• I am a foreigner to Spanish, in Oaxaca, and in the Catholic church. Most days the differences are magical and result in all sorts of learning and understanding and lingering wonder and delight. Approximately one thirtieth of the the time, being a foreigner is excruciating, practically unbearable. Drill into the ecstasy or misery–whichever is harder.

My Soul Turns into a Tree…

Miguel, the night watchman at the posada, invited me to his town. His directions were specific: which taxi to take, the name of the store to ask for his niece who’d be passing by about the same time I was to arrive. It was a flawless plan (in a small town). I doubt it would work back home.

The niece was sweet though she did not seem to be expecting me. She took me around the corner and down the path to her uncle’s place where I met three grandchildren, a niece and a nephew. (The niece and nephew looked as if they were characters from The Nightmare before Christmas.)

I was seated in a plastic chair outside the door to the house as Miguel cleaned up the remnants of a small fire. I was instructed to give the children English lessons to pass the time. This mostly consisted of them firing off any word that came into their minds. I was like a live Spanish/English dictionary just for them.

We went to the back yard to meet the other dog (there were two). This dog was tied under a tree because he could not be trusted with the half dozen chickens that wandered the yard.

The children climbed an abandoned automobile to fetch pomegranates and limes from the trees until the rain came and we took cover in a small work area with a hammock.

Meanwhile Miguel’s wife, Linda, was making beans and eggs and noodle soup, and cactus. I was finally welcome into the kitchen/dining area, but I was permitted no farther into the dark house. We ate a filling meal and then were off on foot(and one bicycle) to see the town.

Because of me, we became a parade for the townspeople. Some stopped us to ask questions and practice English. Two men in a van circled us four times (until Miguel mentioned their obvious actions). We were like a wreck and people wanted to see how awful the carnage was…

We were especially conspicuous as we went to the place where the rodeo was going to be held later in the day. (I would not stay for the rodeo as transportation home would be impossible, and, as far as I could tell, there was no hotel–only the covered hammock.) The cowboys stared at us as if we were cattle thieves.

We went to the church where we picked more fruit from the trees, some green oranges. They were more for play than for eating. My height was appreciated by the grandchildren who wanted more and more of the harvest.

Miguel, who had been inside a church office, returned to the tour guide role. He proudly showed me the tile he installed in the church, taught me about the town’s patron saint, Geronimo, and pointed out the candles he had purchased for the church as the town celebrated his daughter’s wedding. (Oswaldo was horrified that I did not cross myself as I entered the church; he had never met someone who was not Catholic; he wasn’t even sure if this was a real option.)

Next, we were off to see Miguel’s parents’ graves. We entered the beautiful cemetery that was green with weeds.

Miguel, slightly embarrassed by the obvious lack of maintenance, went into action as he had with cleaning up after the fire, enlisting me in weeding his mother’s side of the plot.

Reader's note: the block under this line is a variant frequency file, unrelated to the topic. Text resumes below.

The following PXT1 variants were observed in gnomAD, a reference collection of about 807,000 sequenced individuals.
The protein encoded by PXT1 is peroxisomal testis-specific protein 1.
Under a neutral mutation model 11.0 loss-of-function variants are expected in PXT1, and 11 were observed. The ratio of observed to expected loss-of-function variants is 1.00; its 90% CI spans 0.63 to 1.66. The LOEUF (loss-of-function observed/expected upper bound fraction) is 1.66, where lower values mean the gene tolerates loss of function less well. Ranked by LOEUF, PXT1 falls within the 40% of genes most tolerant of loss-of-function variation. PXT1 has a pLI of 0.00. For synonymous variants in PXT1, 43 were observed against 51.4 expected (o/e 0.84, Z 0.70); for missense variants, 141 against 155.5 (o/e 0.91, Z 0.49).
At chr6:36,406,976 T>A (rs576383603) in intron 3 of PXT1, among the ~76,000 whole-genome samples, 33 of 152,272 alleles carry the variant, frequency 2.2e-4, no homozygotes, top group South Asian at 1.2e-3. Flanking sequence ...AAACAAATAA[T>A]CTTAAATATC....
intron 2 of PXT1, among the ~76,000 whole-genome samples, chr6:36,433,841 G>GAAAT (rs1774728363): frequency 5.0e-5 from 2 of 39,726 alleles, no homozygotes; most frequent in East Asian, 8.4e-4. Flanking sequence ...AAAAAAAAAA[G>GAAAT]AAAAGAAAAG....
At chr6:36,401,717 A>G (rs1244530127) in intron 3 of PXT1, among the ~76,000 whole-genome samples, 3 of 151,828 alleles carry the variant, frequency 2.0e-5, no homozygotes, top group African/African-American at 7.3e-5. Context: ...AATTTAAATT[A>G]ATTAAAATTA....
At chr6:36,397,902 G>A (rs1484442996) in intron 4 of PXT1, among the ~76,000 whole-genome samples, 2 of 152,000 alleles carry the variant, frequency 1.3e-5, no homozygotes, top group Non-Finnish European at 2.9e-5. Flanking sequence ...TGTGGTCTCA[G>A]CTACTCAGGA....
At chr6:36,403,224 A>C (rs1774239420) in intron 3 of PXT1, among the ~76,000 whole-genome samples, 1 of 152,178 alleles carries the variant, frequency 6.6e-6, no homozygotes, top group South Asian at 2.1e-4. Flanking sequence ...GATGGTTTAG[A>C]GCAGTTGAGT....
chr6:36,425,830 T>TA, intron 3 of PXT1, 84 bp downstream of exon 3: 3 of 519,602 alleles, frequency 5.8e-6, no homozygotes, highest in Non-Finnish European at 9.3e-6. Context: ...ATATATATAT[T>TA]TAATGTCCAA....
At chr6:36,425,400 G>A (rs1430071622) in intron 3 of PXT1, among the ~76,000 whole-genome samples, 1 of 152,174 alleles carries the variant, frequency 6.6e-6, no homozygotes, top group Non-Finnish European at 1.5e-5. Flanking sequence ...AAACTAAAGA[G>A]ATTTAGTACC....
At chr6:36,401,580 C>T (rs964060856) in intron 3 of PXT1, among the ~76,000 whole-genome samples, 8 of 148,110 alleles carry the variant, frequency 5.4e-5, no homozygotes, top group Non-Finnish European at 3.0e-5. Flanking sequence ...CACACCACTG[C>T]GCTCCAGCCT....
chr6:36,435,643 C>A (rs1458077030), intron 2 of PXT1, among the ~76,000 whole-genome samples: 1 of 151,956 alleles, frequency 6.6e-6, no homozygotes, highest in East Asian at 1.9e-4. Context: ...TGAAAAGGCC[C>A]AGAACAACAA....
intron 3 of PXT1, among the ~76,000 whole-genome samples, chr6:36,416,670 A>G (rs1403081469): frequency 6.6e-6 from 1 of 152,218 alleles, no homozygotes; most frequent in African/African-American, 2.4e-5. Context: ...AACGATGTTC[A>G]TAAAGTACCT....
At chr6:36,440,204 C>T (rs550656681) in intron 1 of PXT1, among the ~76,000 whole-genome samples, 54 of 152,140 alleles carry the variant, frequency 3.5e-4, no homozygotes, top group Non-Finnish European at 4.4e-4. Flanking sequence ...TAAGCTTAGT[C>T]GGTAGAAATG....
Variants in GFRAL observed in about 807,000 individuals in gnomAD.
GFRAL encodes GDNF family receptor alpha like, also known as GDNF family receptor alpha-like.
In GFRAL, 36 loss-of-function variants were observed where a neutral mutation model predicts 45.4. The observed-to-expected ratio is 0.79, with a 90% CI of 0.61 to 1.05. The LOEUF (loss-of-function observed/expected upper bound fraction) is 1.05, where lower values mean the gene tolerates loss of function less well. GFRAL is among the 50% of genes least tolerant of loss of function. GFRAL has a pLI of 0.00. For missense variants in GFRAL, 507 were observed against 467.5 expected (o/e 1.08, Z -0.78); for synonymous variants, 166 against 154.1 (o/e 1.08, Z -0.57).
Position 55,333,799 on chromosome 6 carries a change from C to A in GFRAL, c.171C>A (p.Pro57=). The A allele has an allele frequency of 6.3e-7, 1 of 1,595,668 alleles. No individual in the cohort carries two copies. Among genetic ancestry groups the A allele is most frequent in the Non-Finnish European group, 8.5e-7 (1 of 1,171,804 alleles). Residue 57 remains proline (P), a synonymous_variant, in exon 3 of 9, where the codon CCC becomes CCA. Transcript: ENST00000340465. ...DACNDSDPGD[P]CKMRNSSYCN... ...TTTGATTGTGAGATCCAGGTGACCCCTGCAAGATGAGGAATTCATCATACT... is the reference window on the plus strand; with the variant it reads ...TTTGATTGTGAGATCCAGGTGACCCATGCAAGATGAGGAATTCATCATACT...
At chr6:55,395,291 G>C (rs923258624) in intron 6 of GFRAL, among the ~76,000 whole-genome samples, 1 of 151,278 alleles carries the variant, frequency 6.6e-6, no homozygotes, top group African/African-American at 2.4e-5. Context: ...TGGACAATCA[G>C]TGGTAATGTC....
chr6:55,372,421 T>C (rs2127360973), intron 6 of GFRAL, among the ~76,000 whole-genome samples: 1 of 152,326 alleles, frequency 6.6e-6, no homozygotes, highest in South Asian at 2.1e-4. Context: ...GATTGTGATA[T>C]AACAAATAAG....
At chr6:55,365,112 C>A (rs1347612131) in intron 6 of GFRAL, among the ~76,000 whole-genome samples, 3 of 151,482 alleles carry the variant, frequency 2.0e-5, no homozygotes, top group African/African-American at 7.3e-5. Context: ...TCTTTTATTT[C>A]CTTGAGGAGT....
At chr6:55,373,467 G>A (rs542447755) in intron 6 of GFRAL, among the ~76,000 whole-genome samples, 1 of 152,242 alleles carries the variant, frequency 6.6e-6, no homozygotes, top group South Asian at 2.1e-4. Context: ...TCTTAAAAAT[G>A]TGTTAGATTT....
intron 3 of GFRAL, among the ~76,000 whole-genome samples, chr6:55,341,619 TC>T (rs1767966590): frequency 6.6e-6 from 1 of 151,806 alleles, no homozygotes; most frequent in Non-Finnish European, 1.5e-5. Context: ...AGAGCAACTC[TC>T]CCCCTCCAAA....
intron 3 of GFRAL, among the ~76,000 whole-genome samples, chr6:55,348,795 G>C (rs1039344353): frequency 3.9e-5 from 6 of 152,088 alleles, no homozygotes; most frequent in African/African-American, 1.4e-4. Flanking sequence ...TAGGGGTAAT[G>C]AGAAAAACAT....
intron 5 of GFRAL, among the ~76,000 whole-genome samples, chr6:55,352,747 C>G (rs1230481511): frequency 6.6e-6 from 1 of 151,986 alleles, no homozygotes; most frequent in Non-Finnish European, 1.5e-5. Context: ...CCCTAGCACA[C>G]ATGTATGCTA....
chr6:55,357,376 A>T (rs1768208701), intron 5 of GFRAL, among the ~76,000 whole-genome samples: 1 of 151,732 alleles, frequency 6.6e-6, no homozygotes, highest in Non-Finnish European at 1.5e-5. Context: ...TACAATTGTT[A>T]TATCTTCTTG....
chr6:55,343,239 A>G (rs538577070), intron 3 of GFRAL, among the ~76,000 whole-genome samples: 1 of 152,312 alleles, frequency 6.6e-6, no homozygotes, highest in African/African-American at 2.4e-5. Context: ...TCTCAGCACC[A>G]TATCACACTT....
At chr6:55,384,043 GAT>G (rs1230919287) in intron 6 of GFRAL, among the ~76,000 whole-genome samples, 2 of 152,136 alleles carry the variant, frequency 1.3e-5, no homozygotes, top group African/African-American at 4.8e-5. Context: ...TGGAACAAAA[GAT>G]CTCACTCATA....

It was nearly 6:30PM, and even the grandchildren were tired out. They all headed home to rest before the big rodeo, and I, dirty hands and all, hopped into a collectivo taxi.

It is afternoons such as this one that I feel are the real Spanish tests. I not only arrived at a remote destination, but I was able to master most of the tasks along the way.

I wondered how to tell Miguel what a lovely day I had, so I also figured out how to use the Kodak machine at the grocery store and gave him some prints of the afternoon.

He was visibly moved to have them, but he said only: “My wife is very short.” I added, “and beautiful.” What more needed to be said?


–Herman Hesse, translated by Robert Bly, from News of the Universe, poems of twofold consciousness

Sometimes, when a bird cries out,

Or the wind sweeps through a tree,

Or a dog howls in a far off farm,

I hold still and listen for a long time.


My soul turns and goes back to the place

Where, a thousand forgotten years ago,

The bird and the howling wind

Were like me, and were my brothers.


My soul turns into a tree,

And an animal, and a cloud bank.

Then changed and odd it comes home

And asks me questions. What should I reply?

  • How much can/has one small journey transform your character?



When I worked graveyards at the gas station in the early 90s, the man who relieved me mornings, a radical Indian named Hawk, smoked this vanilla tobacco that perfumed his long hair; just a whiff at 7:30 am made my stomach roar.

How I hungered for sweetness!

Hawk left the gas station to teach at the Indian university, and no one needed to tell me it was time for me to find new work.

Similarly, when the incense ceases to flow from the temple of our Señora de Guadalupe, even the heathens know the show is over.


How to Get Closer to God: Stilts


It is Sunday morning and the sky is revving up its blue engine so that everyone in the neighborhood can’t miss it. Some people are in the church at Santo Domingo; some are relishing this start to the day under the palms. Others of us are strolling in these hours of stolen sunshine.

In a city that slows on Sundays, it is hard not to feel a little closer to some sort of spirituality–or at least reflection.

It is hard not to observe all of us (in our own small ways) reaching for something higher.

Sign on the Cathedral

on the cathedral

Translation: Our cathedral is the face of Oaxacans before visitors.

Do not use it as a restroom.

Do not convert it into a market.

Neither is it a field for sports.

The temple and the portico are sacred places.

Take care of them.

The result:

The clowns have moved their rollicking mockery to the pedestrain street, and the people selling balloons are now at the back of the cathedral.  The french fry vendors moved from where the balloon and bubble people are now.  But I still haven’t been able to find Constancia’s (Constancy’s) hamburger stand.  (The irony is not lost on me.)